Most new supermarkets in Canada opt for transcritical CO2 refrigeration, according to KeepRite, a major supplier of CO2 evaporators for walk-in coolers and freezers headquartered in Brantford, Ontario.

“The focus is on transcritical where it makes sense,” said Georg Tusiuk, Canadian sales manager for KeepRite, in an interview at the AHR Expo in Atlanta, Ga., last month.

KeepRite’s retail customers for CO2 evaporators include Loblaw, Sobeys, Longo’s, Metro and others; for new stores it partners with OEMs Carnot Refrigeration, Systemes LMP and Hillphoenix and contractor Neelands Group; for existing stores it uses wholesalers.

“We sell [walk-in] evaporators every day for CO2, transcritical and secondary hybrid” said John Murray, executive vice president, national sales manager for KeepRite.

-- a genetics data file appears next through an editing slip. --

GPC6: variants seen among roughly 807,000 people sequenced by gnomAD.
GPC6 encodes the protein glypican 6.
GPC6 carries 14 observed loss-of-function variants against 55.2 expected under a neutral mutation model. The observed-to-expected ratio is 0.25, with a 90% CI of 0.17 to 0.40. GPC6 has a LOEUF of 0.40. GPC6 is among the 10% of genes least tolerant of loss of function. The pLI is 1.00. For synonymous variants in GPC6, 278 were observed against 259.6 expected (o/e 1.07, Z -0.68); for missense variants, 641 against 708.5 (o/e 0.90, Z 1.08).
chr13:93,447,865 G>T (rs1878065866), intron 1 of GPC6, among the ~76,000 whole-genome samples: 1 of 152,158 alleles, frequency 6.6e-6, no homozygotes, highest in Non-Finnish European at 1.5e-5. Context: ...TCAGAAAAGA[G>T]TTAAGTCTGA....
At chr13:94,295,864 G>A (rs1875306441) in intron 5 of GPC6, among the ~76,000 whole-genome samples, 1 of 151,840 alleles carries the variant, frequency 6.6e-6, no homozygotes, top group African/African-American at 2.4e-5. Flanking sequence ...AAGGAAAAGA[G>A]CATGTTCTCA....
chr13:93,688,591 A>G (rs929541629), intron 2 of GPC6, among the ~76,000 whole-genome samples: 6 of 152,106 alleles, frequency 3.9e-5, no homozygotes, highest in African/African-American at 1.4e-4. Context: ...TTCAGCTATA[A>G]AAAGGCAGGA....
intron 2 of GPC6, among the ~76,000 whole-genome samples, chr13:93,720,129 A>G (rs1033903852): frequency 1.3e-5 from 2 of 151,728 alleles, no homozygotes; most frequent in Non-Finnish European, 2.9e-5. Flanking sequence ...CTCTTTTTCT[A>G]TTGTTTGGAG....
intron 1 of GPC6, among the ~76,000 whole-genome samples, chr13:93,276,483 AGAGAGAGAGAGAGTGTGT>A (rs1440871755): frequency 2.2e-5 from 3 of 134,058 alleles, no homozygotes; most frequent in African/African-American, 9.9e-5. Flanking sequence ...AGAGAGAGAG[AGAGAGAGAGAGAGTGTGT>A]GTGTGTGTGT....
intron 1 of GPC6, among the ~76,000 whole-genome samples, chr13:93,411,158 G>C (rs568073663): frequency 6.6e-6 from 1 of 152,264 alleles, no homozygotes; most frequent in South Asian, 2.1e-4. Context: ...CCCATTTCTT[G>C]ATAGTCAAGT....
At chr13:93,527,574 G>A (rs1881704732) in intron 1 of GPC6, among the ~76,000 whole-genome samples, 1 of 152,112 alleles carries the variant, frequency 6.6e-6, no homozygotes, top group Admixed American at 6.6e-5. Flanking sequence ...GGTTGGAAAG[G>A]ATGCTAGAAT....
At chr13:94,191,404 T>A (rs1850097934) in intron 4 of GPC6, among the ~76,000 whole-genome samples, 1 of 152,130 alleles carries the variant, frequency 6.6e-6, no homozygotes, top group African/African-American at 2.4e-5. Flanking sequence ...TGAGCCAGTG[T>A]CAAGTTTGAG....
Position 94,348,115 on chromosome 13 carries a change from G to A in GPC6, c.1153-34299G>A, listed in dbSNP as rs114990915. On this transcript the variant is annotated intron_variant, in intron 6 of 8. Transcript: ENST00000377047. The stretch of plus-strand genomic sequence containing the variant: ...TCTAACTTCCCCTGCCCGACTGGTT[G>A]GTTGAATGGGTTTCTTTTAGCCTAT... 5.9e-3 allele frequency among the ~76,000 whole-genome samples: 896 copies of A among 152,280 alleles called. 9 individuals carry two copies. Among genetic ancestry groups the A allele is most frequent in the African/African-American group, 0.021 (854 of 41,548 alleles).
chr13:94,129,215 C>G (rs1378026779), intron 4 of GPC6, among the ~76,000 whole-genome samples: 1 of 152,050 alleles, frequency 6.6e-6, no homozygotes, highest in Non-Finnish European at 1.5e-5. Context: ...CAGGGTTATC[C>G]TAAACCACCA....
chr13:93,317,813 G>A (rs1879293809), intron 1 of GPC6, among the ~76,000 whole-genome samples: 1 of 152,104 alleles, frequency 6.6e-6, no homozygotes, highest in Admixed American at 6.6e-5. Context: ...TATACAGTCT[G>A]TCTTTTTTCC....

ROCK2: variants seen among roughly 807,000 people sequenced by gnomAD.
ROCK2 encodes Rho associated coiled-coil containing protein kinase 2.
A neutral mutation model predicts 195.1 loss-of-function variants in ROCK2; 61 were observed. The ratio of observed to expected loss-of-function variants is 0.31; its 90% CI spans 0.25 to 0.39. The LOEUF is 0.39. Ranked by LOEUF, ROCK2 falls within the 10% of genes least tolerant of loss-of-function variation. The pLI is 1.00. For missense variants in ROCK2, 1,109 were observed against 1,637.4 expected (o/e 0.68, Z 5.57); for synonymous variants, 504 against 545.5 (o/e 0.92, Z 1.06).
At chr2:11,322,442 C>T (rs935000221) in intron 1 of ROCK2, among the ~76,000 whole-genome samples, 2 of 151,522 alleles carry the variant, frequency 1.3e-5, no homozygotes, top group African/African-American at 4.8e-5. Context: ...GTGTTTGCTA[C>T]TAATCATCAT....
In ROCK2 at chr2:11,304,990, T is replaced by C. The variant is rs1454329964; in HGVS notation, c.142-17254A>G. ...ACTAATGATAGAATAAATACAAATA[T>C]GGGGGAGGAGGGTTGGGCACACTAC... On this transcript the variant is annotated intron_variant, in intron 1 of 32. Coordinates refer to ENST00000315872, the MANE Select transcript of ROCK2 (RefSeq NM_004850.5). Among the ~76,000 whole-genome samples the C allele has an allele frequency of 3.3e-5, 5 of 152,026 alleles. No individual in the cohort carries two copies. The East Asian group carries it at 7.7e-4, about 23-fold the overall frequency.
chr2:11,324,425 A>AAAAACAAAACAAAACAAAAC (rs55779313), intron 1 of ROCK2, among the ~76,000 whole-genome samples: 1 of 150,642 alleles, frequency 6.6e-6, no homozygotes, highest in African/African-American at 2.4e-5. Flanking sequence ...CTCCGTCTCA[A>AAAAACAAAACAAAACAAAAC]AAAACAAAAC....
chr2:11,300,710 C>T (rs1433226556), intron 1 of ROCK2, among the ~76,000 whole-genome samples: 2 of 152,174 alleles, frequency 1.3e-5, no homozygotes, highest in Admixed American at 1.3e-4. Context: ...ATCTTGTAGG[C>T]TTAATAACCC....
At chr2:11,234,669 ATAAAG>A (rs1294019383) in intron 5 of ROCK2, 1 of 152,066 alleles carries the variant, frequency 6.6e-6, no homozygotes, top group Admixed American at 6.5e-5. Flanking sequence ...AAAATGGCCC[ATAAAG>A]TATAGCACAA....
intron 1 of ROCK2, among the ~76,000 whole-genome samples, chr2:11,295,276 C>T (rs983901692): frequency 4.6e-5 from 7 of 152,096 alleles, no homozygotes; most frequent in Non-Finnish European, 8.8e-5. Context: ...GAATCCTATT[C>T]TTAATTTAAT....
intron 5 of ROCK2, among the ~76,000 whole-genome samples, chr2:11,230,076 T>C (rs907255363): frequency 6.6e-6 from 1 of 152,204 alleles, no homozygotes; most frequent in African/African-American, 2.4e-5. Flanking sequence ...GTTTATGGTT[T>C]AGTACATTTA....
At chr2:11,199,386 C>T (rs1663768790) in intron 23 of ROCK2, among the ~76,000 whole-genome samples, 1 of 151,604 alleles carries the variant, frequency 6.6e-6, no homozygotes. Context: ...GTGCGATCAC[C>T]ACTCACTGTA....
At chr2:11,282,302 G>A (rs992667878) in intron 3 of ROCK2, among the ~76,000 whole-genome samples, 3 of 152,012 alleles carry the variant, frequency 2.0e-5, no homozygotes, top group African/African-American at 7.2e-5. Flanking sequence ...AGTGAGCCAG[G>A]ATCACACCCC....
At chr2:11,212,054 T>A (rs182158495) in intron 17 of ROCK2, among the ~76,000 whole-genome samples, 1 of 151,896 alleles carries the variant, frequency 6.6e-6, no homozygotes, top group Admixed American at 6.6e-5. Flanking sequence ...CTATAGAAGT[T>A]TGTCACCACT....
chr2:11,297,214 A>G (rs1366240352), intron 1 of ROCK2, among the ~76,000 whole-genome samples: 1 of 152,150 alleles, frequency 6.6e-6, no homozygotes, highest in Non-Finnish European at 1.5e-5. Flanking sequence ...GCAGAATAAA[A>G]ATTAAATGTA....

However, the U.S. market for transcritical CO2 walk-in evaporators has been “the opposite” of Canada for KeepRite, said Murray. “We’ve probably had one U.S. customer in 11 years ask us to go down that path.”

But KeepRite is “keenly interested” in HFC regulatory steps being taken by the California Air Resources Board (CARB), which could lead to more CO2 installations, said Murray. “And more states may end up following this.”

If the market expands in the U.S., “we’re ready to go,” he added.

According to sheccoBase, as of October 2018, there were 245+ transcritical CO2 systems in Canada and 370+ in the U.S., the latter driven by ALDI US. Unlike Canada, the U.S. has not ratified the Kigali Amendment’s global HFC phase-down plan and has rolled back federal HFC regulations.

KeepRite’s CO2 evaporators come with built-in electronic expansion valves.  Its low-profile evaporators, with up to six fans, produces room temperatures down to -40°F, with capacities ranging from 4,300 BTU to 39,000 BTU at 10°F temperature differential.

At the AHR Expo, the company introduced an evaporator that also comprises a built-in controller to control super heat, though it is not yet available for CO2.

“We sell [walk-in] evaporators every day for CO2, transcritical and secondary hybrid.”

John Murray, KeepRite

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